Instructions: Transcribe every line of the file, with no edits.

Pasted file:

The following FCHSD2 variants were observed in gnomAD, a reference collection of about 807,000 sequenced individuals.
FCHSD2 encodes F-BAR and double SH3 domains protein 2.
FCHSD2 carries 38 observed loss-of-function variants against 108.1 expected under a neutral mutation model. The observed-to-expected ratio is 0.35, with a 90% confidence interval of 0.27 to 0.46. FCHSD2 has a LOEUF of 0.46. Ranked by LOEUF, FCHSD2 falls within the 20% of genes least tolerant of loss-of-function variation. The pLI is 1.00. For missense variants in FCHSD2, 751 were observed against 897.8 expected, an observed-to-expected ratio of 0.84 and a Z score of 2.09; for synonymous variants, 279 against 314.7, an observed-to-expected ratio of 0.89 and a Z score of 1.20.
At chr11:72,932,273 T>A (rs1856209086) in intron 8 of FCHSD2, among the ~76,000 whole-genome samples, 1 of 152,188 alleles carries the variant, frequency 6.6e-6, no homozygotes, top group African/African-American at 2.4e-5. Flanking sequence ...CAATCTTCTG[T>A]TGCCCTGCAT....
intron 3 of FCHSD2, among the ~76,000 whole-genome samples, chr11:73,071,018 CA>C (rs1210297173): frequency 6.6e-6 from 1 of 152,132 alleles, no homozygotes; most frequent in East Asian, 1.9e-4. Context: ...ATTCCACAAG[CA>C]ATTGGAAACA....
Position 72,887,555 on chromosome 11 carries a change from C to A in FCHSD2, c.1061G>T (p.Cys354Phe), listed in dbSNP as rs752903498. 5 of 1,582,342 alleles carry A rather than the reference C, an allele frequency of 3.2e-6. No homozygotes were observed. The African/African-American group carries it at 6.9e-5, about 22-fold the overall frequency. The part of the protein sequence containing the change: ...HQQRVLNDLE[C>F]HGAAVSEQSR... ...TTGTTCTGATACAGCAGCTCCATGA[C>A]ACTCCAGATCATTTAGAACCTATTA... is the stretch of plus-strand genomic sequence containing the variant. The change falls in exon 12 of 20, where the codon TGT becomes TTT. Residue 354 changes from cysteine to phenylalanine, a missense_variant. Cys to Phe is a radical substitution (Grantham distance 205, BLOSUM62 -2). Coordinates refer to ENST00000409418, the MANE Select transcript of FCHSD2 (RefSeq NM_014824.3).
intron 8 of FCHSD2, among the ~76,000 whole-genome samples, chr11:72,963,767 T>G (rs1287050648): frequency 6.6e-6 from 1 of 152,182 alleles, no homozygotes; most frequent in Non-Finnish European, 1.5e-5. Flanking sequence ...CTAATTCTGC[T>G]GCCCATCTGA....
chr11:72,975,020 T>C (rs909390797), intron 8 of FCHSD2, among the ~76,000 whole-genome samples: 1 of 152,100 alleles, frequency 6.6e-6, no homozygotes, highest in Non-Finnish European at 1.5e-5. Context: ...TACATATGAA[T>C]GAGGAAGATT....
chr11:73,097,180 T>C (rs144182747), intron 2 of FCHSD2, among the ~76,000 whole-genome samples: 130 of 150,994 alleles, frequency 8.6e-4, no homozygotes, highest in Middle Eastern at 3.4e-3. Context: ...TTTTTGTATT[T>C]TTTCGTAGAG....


The following FCHSD2 variants were observed in gnomAD, a reference collection of about 807,000 sequenced individuals.
FCHSD2 encodes F-BAR and double SH3 domains protein 2.
FCHSD2 carries 38 observed loss-of-function variants against 108.1 expected under a neutral mutation model. The observed-to-expected ratio is 0.35, with a 90% confidence interval of 0.27 to 0.46. FCHSD2 has a LOEUF of 0.46. Ranked by LOEUF, FCHSD2 falls within the 20% of genes least tolerant of loss-of-function variation. The pLI is 1.00. For missense variants in FCHSD2, 751 were observed against 897.8 expected, an observed-to-expected ratio of 0.84 and a Z score of 2.09; for synonymous variants, 279 against 314.7, an observed-to-expected ratio of 0.89 and a Z score of 1.20.
At chr11:72,932,273 T>A (rs1856209086) in intron 8 of FCHSD2, among the ~76,000 whole-genome samples, 1 of 152,188 alleles carries the variant, frequency 6.6e-6, no homozygotes, top group African/African-American at 2.4e-5. Flanking sequence ...CAATCTTCTG[T>A]TGCCCTGCAT....
intron 3 of FCHSD2, among the ~76,000 whole-genome samples, chr11:73,071,018 CA>C (rs1210297173): frequency 6.6e-6 from 1 of 152,132 alleles, no homozygotes; most frequent in East Asian, 1.9e-4. Context: ...ATTCCACAAG[CA>C]ATTGGAAACA....
Position 72,887,555 on chromosome 11 carries a change from C to A in FCHSD2, c.1061G>T (p.Cys354Phe), listed in dbSNP as rs752903498. 5 of 1,582,342 alleles carry A rather than the reference C, an allele frequency of 3.2e-6. No homozygotes were observed. The African/African-American group carries it at 6.9e-5, about 22-fold the overall frequency. The part of the protein sequence containing the change: ...HQQRVLNDLE[C>F]HGAAVSEQSR... ...TTGTTCTGATACAGCAGCTCCATGA[C>A]ACTCCAGATCATTTAGAACCTATTA... is the stretch of plus-strand genomic sequence containing the variant. The change falls in exon 12 of 20, where the codon TGT becomes TTT. Residue 354 changes from cysteine to phenylalanine, a missense_variant. Cys to Phe is a radical substitution (Grantham distance 205, BLOSUM62 -2). Coordinates refer to ENST00000409418, the MANE Select transcript of FCHSD2 (RefSeq NM_014824.3).
intron 8 of FCHSD2, among the ~76,000 whole-genome samples, chr11:72,963,767 T>G (rs1287050648): frequency 6.6e-6 from 1 of 152,182 alleles, no homozygotes; most frequent in Non-Finnish European, 1.5e-5. Flanking sequence ...CTAATTCTGC[T>G]GCCCATCTGA....
chr11:72,975,020 T>C (rs909390797), intron 8 of FCHSD2, among the ~76,000 whole-genome samples: 1 of 152,100 alleles, frequency 6.6e-6, no homozygotes, highest in Non-Finnish European at 1.5e-5. Context: ...TACATATGAA[T>C]GAGGAAGATT....
chr11:73,097,180 T>C (rs144182747), intron 2 of FCHSD2, among the ~76,000 whole-genome samples: 130 of 150,994 alleles, frequency 8.6e-4, no homozygotes, highest in Middle Eastern at 3.4e-3. Context: ...TTTTTGTATT[T>C]TTTCGTAGAG....